In another section, aptly titled “Christianity and Christianities,” Annette G. Aubert offers an especially insightful account of the rise of modern Protestantism and its attempt to redefine religion. The final section, “Doctrinal Themes,” is perhaps the most valuable. There one finds Richard H. Roberts discussing new conceptualizations about God. This is followed by Robert Morgan reexamining the Christologies of Schleiermacher, David F. Strauss, Ferdinand C. Baur, Albrecht Ritschl, Martin Kähler, and others. Shao Kai Tseng clarifies the ecclesiologies of (perhaps surprisingly) Kant, Schleiermacher, G.W.F. Hegel, and figures of the Oxford Movement. The volume concludes with a penetrating and complex essay by Wolfe on “new configurations of eschatology” (676). Although one may contend against her assessment of Norman Cohen’s work on millennialism and wish that Eric Voegelin’s discussion on modern gnosticism would have been included her analysis, Wolfe is correct in emphasizing the radical immanentization of the eschaton in the 19th century.

Together these chapters demonstrate the vitality of Christianity during what has often been called the Victorian “crisis of faith.” At the same time, much of this vitality was an attempt to ease tensions between science and faith, modernity and tradition, heterodoxy and orthodoxy. This resulted in accommodations that transformed the faith to such an extent that theologians such as J. Grehsam Machen in the 1920s found the “new theology” of Christian modernism totally unrecognizable, “a religion which is so entirely different from Christianity as to belong in a distinct category.” In this sense, secularization has never truly been about the eradication of religion, but rather the emergence or concealment of a new theology—or, more precisely, the replacement of one particular theology with another. This collection of essays therefore offers a glimpse of how the Christian faith gradually changed over the long 19th century.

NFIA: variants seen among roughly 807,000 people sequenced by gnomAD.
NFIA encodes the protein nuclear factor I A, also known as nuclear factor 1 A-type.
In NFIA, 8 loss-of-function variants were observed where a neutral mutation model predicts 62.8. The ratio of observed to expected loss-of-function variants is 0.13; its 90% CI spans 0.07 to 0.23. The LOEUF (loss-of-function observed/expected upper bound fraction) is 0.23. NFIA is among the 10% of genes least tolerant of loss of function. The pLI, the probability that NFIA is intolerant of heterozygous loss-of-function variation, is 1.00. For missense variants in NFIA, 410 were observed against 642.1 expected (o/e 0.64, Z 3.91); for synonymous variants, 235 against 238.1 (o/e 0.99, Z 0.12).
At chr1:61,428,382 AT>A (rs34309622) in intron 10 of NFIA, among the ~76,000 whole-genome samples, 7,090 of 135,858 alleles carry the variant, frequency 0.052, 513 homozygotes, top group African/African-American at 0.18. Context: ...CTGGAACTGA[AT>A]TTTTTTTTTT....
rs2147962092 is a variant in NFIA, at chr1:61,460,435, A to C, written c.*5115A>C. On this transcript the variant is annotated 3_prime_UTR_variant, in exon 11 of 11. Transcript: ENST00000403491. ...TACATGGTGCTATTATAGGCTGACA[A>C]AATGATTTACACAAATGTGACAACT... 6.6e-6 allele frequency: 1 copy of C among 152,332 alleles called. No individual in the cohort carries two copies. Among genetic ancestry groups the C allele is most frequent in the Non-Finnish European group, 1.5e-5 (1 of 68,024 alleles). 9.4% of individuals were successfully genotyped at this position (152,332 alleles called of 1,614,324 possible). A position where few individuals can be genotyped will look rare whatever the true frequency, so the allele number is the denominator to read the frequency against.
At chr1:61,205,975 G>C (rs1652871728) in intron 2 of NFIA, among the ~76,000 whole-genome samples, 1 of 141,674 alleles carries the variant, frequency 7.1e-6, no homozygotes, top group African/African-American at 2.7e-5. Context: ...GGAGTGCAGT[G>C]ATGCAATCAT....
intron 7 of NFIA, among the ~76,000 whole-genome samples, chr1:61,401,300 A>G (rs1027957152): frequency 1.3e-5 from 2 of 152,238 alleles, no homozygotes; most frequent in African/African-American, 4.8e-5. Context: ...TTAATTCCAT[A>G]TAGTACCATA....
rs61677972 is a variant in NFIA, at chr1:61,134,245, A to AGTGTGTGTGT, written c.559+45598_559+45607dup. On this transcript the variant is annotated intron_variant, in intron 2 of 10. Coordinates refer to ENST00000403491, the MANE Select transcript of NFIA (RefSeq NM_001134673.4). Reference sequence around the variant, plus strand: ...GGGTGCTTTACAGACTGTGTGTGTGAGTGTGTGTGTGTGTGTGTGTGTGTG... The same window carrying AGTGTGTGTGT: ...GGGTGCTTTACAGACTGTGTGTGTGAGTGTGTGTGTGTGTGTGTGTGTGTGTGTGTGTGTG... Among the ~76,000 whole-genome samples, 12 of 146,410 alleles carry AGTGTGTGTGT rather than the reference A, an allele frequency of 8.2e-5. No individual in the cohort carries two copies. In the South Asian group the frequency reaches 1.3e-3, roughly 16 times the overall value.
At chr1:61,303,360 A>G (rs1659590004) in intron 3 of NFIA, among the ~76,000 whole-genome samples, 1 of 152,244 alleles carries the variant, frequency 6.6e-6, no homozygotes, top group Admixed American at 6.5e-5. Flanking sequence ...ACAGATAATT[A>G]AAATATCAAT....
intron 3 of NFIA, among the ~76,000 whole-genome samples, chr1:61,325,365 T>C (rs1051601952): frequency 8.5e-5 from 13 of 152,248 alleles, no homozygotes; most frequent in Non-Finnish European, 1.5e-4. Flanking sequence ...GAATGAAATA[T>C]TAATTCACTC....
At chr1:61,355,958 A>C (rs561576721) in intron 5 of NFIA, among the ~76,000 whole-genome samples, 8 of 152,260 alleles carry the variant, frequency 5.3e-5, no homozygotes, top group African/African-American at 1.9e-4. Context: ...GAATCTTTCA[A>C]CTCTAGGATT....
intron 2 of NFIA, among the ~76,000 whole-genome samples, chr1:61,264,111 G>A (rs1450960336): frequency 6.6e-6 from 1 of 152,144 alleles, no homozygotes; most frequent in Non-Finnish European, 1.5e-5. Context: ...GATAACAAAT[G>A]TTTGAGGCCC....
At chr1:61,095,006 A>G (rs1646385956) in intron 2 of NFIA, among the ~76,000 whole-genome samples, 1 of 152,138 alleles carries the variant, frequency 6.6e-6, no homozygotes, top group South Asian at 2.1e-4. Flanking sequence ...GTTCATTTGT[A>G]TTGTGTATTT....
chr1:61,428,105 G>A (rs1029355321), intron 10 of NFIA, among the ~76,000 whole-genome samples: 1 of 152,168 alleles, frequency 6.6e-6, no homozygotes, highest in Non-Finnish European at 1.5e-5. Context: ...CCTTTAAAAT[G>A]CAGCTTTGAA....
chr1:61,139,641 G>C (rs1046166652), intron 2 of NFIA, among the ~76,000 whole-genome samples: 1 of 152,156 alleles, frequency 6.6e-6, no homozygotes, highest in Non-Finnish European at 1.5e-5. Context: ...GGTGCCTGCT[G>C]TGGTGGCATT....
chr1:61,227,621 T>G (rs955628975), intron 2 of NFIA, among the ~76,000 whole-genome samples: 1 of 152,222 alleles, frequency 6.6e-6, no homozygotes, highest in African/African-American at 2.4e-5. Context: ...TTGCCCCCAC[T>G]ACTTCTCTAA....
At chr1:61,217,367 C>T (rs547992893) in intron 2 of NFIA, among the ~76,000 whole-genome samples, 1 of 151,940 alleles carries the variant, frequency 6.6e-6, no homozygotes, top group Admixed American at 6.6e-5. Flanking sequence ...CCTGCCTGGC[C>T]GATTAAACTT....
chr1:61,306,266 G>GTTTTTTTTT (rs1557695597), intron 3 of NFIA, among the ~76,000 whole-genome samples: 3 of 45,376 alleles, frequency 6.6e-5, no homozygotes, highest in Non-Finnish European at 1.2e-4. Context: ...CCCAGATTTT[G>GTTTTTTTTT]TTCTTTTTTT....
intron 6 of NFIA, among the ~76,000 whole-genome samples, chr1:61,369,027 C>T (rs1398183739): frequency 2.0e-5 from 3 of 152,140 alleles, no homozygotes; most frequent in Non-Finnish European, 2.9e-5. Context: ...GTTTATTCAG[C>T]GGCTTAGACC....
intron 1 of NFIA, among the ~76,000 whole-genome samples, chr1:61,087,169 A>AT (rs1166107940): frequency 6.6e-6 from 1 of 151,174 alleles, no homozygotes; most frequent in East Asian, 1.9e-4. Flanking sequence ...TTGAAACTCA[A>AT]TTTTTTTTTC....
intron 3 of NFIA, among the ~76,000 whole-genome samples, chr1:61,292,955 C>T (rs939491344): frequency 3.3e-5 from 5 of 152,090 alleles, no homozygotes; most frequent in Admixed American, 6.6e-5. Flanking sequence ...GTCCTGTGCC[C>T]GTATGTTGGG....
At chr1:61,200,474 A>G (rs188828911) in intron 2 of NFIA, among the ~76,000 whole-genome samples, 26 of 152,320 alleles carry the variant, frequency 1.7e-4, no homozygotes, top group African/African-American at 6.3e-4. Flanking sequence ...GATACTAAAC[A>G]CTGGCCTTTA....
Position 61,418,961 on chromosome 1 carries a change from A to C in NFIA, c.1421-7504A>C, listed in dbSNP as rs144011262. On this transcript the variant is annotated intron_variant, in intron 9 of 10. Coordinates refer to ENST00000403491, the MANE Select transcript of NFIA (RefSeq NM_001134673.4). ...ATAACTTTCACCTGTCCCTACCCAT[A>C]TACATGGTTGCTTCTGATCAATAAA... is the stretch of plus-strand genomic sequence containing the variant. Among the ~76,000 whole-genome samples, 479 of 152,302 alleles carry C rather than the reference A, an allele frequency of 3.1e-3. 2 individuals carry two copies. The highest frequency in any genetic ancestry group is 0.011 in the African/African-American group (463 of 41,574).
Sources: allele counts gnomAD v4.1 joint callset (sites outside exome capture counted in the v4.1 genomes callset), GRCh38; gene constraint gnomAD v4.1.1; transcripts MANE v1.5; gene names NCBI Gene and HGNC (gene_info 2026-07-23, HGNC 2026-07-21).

About the Reviewer(s): 

James C. Ungureanu is historian in residence in the George L. Mosse Program in History at the University of Wisconsin-Madison.

Date of Review: 
April 30, 2021
About the Author(s)/Editor(s)/Translator(s): 

Joel D. S. Rasmussen is Associate Professor in the Faculty of Theology and Religion at Oxford University and a Fellow of Mansfield College, Oxford. 

Judith Wolfe studied literature and philosophy at the Hebrew University in Jerusalem, and first literature and then philosophical theology at Oxford. She is now Professor of Philosophical Theology at the University of St Andrews.

Johannes Zachhuber studied theology in Rostock, Berlin, and Oxford where he earned his DPhil in 1997. He is the Professor of Historical and Systematic Theology and a Fellow of Trinity College, Oxford.